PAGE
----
How to Change Printer Settings in Google Chrome
By Avery Martin
The printer settings in Google Chrome provide a way to easily change the formatting of a document and adjust the print settings. Business owners can use the browser's Page Properties section to customize their printouts to meet their needs. Whether you need a landscape print to fit a wide bar graph for a presentation or a normal portrait-style print for reports and other documents, Google Chrome provides a way to adjust your print settings to accomodate your needs.
Click the Wrench icon located on the top right side of the Chrome browser.
Select "Print" from the drop-down menu. The Print dialog box appears with a list of possible options specific for your printer.
Click the "Change" button under the Destination section to change the default printer.
Click the "All" radio button under the Pages section to print every page in a document. Select the other radio button to list specific pages you want to print. You can enter a range such as 1-4, or individual pages separated by commas.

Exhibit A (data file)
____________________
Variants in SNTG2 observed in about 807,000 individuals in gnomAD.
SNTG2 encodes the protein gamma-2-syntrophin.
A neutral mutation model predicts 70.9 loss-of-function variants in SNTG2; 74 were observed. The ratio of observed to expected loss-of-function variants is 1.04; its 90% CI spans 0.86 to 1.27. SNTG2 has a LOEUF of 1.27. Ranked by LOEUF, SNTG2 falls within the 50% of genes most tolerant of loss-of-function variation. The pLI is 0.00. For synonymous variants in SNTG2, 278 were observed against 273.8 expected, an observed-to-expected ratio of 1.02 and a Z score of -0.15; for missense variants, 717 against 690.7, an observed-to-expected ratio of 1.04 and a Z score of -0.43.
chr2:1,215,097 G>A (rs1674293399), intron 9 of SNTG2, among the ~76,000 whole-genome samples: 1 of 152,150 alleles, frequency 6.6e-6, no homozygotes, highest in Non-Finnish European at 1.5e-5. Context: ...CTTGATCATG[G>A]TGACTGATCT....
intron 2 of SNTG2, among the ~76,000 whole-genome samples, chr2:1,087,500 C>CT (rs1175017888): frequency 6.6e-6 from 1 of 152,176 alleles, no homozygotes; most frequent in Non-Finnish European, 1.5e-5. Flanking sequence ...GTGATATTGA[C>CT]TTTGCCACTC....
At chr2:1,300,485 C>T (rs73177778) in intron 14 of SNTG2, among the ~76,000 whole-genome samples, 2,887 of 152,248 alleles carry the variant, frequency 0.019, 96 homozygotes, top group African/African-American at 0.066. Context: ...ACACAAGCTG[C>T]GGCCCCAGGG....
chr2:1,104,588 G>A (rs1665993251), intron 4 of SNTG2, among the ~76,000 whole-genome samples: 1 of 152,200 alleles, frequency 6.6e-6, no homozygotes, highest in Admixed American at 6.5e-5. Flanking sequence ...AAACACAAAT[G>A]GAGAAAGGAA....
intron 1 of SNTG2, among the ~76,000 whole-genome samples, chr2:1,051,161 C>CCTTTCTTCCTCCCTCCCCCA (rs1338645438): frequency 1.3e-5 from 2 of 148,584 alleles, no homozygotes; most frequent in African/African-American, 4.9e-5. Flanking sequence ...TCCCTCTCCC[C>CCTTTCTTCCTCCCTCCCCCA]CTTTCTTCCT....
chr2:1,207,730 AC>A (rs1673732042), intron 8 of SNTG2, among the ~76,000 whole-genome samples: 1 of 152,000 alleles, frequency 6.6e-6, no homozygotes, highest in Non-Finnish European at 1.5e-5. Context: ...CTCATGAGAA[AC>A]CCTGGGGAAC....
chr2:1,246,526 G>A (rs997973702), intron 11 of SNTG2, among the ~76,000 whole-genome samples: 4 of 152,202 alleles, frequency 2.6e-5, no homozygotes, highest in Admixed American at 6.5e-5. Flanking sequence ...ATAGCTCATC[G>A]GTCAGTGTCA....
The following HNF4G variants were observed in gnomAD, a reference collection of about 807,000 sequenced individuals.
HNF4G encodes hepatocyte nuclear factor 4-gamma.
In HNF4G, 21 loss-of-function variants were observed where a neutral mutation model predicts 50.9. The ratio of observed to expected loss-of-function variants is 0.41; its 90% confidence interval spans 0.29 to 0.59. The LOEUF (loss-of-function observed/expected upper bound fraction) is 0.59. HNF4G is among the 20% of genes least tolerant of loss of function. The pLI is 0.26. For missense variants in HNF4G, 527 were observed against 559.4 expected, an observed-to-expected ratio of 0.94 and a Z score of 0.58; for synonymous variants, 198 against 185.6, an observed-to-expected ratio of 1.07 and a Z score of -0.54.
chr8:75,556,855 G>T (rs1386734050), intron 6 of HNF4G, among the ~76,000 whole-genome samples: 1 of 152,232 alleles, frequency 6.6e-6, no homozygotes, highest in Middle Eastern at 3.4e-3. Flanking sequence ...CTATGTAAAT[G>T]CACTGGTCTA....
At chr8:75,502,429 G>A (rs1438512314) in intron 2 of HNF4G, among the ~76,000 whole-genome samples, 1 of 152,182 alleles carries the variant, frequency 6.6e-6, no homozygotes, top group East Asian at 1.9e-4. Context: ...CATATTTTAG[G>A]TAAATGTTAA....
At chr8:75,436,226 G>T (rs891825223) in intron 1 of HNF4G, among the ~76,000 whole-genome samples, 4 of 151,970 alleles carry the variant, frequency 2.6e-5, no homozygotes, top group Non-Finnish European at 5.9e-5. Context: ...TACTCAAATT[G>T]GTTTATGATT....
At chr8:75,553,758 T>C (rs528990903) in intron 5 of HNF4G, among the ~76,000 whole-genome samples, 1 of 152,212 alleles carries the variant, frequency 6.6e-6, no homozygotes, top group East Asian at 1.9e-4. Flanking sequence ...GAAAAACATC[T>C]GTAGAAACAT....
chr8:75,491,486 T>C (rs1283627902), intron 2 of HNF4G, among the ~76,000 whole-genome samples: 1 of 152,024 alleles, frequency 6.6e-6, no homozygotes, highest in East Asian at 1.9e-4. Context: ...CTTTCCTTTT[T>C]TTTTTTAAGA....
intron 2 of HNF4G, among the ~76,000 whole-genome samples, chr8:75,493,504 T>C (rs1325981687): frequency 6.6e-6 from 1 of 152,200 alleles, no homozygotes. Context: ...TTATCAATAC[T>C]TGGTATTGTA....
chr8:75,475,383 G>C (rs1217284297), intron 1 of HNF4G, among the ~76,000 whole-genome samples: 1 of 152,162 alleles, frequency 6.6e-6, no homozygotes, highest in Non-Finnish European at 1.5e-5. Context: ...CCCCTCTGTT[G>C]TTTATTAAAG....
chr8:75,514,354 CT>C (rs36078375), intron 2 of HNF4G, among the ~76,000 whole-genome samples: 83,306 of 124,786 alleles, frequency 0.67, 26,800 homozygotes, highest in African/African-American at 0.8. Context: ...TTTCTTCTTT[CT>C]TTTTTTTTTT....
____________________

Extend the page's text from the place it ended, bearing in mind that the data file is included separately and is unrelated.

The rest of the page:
Select the number of copies you want to print by using the "+" button under the Copies section to add more copies, or the "-" button to reduce the number of copies.
Choose between Portrait or Landscape modes. Potrait mode prints letter-style copies and landscape mode prints across the length of the paper.
Select the type of margins you want from the drop-down menu in the Margins section.
Click the "Headers and Footers" checkbox if you want to print the headers and footers when printing from the Web.
Click the "Print" button at the top of the page when you're ready to print.
Determine the type of document you are working with before printing. A page setup with a portrait view won't work well if you try to print in landscape view.
Click the "Print Preview" option to preview what your print job will look like before sending it to your printer.
Avery Martin holds a Bachelor of Music in opera performance and a Bachelor of Arts in East Asian studies. As a professional writer, she has written for Education.com, Samsung and IBM. Martin contributed English translations for a collection of Japanese poems by Misuzu Kaneko. She has worked as an educator in Japan, and she runs a private voice studio out of her home. She writes about education, music and travel.